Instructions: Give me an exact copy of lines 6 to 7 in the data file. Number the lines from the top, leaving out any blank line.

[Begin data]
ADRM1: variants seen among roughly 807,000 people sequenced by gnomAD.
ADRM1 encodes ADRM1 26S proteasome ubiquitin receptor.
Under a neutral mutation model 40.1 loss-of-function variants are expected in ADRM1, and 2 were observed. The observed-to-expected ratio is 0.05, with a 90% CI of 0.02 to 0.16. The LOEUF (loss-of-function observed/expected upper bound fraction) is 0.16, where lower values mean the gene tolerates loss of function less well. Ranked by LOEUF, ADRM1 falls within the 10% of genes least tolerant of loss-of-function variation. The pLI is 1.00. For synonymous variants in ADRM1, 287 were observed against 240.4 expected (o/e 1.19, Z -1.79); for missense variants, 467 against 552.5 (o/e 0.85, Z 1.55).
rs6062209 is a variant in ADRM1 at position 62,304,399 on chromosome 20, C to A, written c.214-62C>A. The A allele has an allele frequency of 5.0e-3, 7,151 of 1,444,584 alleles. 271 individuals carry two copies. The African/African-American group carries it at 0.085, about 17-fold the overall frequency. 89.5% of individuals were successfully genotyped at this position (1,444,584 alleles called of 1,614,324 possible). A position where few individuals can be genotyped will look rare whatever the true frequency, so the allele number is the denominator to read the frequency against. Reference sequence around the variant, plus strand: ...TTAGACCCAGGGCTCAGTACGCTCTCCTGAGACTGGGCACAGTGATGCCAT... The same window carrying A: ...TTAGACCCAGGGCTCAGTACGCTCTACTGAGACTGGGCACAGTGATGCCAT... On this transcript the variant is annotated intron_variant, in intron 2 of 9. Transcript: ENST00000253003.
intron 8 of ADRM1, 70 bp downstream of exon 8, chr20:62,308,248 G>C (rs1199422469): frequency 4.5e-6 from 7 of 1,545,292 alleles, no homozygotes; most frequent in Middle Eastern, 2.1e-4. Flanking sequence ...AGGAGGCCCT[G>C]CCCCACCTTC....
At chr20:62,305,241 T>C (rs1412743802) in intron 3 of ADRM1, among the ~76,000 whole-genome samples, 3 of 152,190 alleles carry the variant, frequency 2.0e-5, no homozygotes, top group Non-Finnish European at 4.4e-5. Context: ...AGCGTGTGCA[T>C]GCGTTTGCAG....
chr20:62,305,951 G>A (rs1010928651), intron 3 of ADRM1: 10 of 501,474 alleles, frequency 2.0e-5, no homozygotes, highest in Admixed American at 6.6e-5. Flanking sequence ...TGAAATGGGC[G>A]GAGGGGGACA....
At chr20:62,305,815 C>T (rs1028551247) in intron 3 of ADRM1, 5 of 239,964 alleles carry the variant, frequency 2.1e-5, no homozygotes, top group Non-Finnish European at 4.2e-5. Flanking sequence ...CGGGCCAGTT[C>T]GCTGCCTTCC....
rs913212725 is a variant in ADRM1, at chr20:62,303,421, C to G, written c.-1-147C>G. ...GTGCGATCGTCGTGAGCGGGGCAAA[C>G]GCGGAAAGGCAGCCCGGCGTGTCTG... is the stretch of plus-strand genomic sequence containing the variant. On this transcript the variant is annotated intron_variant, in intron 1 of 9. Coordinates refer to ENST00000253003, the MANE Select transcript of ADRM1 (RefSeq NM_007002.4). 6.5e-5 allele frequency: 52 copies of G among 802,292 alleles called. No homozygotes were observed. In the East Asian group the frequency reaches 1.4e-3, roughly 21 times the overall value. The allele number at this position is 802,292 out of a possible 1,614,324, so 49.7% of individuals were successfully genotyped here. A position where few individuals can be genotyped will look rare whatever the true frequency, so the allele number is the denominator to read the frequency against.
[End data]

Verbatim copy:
At chr20:62,305,241 T>C (rs1412743802) in intron 3 of ADRM1, among the ~76,000 whole-genome samples, 3 of 152,190 alleles carry the variant, frequency 2.0e-5, no homozygotes, top group Non-Finnish European at 4.4e-5. Context: ...AGCGTGTGCA[T>C]GCGTTTGCAG....
chr20:62,305,951 G>A (rs1010928651), intron 3 of ADRM1: 10 of 501,474 alleles, frequency 2.0e-5, no homozygotes, highest in Admixed American at 6.6e-5. Flanking sequence ...TGAAATGGGC[G>A]GAGGGGGACA....